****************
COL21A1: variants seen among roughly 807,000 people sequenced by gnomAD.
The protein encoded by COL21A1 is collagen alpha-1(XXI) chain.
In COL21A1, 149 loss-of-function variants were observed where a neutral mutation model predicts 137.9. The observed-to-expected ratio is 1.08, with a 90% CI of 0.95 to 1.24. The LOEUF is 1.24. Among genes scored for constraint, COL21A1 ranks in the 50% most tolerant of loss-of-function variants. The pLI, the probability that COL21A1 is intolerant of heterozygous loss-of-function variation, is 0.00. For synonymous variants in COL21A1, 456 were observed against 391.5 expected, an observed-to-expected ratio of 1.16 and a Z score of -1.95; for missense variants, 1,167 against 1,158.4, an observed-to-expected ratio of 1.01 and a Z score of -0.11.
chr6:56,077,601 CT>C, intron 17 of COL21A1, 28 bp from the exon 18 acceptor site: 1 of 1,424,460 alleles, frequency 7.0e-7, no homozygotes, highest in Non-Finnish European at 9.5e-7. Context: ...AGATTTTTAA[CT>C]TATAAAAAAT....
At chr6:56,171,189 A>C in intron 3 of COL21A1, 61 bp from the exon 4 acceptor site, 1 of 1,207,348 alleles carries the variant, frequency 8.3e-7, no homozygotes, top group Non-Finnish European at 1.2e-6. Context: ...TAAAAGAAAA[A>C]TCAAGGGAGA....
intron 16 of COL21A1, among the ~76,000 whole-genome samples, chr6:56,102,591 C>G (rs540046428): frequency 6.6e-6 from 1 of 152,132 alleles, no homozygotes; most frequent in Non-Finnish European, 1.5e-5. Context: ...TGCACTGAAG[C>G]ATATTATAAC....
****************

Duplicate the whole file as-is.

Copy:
COL21A1: variants seen among roughly 807,000 people sequenced by gnomAD.
The protein encoded by COL21A1 is collagen alpha-1(XXI) chain.
In COL21A1, 149 loss-of-function variants were observed where a neutral mutation model predicts 137.9. The observed-to-expected ratio is 1.08, with a 90% CI of 0.95 to 1.24. The LOEUF is 1.24. Among genes scored for constraint, COL21A1 ranks in the 50% most tolerant of loss-of-function variants. The pLI, the probability that COL21A1 is intolerant of heterozygous loss-of-function variation, is 0.00. For synonymous variants in COL21A1, 456 were observed against 391.5 expected, an observed-to-expected ratio of 1.16 and a Z score of -1.95; for missense variants, 1,167 against 1,158.4, an observed-to-expected ratio of 1.01 and a Z score of -0.11.
chr6:56,077,601 CT>C, intron 17 of COL21A1, 28 bp from the exon 18 acceptor site: 1 of 1,424,460 alleles, frequency 7.0e-7, no homozygotes, highest in Non-Finnish European at 9.5e-7. Context: ...AGATTTTTAA[CT>C]TATAAAAAAT....
At chr6:56,171,189 A>C in intron 3 of COL21A1, 61 bp from the exon 4 acceptor site, 1 of 1,207,348 alleles carries the variant, frequency 8.3e-7, no homozygotes, top group Non-Finnish European at 1.2e-6. Context: ...TAAAAGAAAA[A>C]TCAAGGGAGA....
intron 16 of COL21A1, among the ~76,000 whole-genome samples, chr6:56,102,591 C>G (rs540046428): frequency 6.6e-6 from 1 of 152,132 alleles, no homozygotes; most frequent in Non-Finnish European, 1.5e-5. Context: ...TGCACTGAAG[C>G]ATATTATAAC....